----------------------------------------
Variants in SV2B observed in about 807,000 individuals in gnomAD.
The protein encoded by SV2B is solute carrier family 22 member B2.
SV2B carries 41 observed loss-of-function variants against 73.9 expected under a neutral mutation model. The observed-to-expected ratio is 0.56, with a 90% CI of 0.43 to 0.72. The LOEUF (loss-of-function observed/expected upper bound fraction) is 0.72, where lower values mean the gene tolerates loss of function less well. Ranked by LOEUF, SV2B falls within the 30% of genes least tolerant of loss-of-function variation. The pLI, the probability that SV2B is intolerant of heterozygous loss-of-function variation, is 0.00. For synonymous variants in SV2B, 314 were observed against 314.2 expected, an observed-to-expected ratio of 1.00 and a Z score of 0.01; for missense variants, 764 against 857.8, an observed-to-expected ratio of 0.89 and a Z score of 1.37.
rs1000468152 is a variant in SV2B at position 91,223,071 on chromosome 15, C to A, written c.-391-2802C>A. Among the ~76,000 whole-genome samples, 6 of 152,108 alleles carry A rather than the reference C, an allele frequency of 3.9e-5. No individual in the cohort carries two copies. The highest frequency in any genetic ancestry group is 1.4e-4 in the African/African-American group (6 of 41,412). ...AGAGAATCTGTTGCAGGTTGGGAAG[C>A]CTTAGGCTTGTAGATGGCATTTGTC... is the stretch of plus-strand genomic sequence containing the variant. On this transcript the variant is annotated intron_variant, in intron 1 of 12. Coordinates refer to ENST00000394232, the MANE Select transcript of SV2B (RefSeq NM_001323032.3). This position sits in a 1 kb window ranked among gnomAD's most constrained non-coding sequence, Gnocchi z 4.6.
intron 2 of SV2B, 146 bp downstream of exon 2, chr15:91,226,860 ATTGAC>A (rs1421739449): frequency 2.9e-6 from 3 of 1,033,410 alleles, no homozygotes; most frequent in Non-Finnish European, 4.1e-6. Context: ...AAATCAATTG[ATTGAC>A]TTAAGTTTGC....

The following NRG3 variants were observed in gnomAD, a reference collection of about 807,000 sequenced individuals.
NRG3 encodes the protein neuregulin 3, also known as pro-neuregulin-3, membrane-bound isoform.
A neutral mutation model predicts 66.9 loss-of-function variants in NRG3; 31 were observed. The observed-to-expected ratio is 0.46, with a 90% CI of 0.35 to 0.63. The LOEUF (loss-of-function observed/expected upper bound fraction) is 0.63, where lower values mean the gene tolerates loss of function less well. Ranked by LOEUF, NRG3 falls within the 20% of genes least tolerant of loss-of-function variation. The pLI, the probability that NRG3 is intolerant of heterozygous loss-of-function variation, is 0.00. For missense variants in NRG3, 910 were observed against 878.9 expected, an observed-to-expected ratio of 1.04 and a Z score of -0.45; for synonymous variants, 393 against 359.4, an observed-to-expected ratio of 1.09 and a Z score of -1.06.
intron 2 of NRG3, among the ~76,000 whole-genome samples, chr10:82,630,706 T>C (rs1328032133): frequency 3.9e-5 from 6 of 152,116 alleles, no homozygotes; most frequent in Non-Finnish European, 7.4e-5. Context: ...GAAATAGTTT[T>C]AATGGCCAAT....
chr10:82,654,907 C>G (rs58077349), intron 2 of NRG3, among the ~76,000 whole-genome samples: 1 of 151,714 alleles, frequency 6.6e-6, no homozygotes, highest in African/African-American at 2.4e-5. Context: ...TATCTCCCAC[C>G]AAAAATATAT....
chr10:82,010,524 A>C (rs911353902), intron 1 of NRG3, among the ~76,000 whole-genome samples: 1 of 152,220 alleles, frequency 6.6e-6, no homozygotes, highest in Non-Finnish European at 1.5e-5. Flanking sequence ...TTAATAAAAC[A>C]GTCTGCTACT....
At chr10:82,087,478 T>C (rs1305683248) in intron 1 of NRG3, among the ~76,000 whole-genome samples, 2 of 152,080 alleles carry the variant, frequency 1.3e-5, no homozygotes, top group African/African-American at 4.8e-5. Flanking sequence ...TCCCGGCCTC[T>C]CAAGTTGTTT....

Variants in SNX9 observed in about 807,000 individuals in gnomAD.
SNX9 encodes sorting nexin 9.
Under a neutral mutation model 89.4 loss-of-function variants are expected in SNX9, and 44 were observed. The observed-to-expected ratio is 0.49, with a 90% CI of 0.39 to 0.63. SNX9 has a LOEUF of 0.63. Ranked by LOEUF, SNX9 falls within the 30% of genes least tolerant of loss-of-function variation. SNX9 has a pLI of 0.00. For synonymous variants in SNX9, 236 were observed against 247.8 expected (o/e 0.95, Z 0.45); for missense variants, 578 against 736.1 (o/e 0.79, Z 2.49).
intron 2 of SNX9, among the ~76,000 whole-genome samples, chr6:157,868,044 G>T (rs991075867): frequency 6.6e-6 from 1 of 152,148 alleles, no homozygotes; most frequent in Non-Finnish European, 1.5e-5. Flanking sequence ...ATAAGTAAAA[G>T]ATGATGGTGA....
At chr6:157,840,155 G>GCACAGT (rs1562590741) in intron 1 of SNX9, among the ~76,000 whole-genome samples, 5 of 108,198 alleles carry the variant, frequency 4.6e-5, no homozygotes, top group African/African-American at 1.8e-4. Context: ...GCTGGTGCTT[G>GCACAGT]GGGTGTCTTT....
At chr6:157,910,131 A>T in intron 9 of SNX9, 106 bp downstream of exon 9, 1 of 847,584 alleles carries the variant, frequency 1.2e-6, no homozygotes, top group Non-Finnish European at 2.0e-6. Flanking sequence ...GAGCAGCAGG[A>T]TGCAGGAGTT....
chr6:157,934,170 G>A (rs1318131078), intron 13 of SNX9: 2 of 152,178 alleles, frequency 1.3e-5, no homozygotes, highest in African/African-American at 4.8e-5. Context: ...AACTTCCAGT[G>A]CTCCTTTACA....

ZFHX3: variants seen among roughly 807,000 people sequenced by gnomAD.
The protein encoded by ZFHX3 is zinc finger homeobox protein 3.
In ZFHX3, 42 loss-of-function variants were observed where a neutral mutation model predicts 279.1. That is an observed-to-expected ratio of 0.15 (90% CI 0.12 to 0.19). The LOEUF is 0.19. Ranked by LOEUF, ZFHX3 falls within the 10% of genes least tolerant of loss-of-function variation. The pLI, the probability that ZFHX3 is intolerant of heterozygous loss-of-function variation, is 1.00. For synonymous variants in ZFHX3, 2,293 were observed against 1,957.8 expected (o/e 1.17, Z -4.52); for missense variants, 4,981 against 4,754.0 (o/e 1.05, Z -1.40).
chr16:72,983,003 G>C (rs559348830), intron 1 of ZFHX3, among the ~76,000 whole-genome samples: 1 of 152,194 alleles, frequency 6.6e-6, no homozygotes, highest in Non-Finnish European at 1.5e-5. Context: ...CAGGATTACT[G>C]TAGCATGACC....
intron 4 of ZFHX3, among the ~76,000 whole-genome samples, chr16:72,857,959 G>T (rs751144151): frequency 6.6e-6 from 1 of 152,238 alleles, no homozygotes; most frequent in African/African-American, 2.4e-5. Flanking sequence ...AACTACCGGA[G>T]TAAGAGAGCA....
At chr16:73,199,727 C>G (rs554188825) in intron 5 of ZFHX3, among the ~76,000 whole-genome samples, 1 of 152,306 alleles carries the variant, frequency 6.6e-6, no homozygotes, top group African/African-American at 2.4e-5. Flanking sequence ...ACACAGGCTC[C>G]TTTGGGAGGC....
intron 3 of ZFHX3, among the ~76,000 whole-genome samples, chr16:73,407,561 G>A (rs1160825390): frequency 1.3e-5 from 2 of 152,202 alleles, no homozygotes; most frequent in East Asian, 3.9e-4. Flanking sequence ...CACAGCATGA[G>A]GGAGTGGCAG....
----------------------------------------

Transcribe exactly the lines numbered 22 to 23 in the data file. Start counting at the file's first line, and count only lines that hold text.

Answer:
In ZFHX3, 42 loss-of-function variants were observed where a neutral mutation model predicts 279.1. That is an observed-to-expected ratio of 0.15 (90% CI 0.12 to 0.19). The LOEUF is 0.19. Ranked by LOEUF, ZFHX3 falls within the 10% of genes least tolerant of loss-of-function variation. The pLI, the probability that ZFHX3 is intolerant of heterozygous loss-of-function variation, is 1.00. For synonymous variants in ZFHX3, 2,293 were observed against 1,957.8 expected (o/e 1.17, Z -4.52); for missense variants, 4,981 against 4,754.0 (o/e 1.05, Z -1.40).
chr16:72,983,003 G>C (rs559348830), intron 1 of ZFHX3, among the ~76,000 whole-genome samples: 1 of 152,194 alleles, frequency 6.6e-6, no homozygotes, highest in Non-Finnish European at 1.5e-5. Context: ...CAGGATTACT[G>C]TAGCATGACC....